How many times an article/book has been cited is also one way to judge it's impact, though keep in mind that a good article/book can be praised as many times as a bad one can be ridiculed. 

Gov Info

These resouces can help you discover and locate information from the government.  More resources can be located in the Library's Government Information pages.

Data and Statistics

These links will guide you to various sources for statistics and data.  If you are interested in manipulating a dataset on your own, please visit the Doe Library's Data Lab in 189 Doe.

News Resources

Here are some general news and newsmedia databases.  For a full listing of the Library's news resources, check this list.

Foreign Broadcast Information Service

The Foreign Broadcast Information Service (FBIS) can provide you a wealth of information from foreign news sources.  The U.S. State Department ran the FBIS to translate foreign language newspapers, wires, and broadcasts into English.  FBIS only translated information relating to U.S. interests, and only distributed to the public a select amount of what was translated.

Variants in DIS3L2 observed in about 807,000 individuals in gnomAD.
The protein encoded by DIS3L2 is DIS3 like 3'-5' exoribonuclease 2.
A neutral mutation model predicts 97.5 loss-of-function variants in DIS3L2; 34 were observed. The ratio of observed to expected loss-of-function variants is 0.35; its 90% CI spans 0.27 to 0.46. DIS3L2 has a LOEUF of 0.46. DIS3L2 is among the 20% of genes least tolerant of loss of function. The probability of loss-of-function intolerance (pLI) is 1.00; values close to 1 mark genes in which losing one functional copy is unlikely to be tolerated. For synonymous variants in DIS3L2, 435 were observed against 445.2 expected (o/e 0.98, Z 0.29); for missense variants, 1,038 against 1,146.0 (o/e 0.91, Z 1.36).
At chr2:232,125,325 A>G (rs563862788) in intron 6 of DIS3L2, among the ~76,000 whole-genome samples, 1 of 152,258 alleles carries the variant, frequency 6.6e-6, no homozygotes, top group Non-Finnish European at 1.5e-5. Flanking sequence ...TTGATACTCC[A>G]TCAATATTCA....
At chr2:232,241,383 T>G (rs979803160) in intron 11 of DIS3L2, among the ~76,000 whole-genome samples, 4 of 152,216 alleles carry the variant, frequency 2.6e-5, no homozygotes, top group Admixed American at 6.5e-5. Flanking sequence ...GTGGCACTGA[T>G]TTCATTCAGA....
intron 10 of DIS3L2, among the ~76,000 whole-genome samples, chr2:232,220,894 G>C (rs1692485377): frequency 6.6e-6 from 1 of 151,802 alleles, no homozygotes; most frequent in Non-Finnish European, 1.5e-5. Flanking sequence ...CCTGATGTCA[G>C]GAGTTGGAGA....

At UC Berkeley, we have 3 databases for locating FBIS documents:

FBIS Daily Reports (covers 1941-1996, and is full text--Click on the tab "Events" to find news on major world events)

World News Connection (covers 1996-2013, and is full-text, but is not being updated)

FBIS Electronic Index (covers 1975-1996 and is only citations-- though all will be in the FBIS Daily reports database above, use the instructions below for finding the documents "old school" style)

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Google Search Tips, Tricks and Hacks

One of the largest hurdles of using Google is the amount you must weed through.  Some searches result in thousands of pages; who has time to go through all that?  You dont need to.  Did you know you can manipulate a regular Google search with a couple hacks to your search.  Its true!  Try these search "tricks" during your next google search.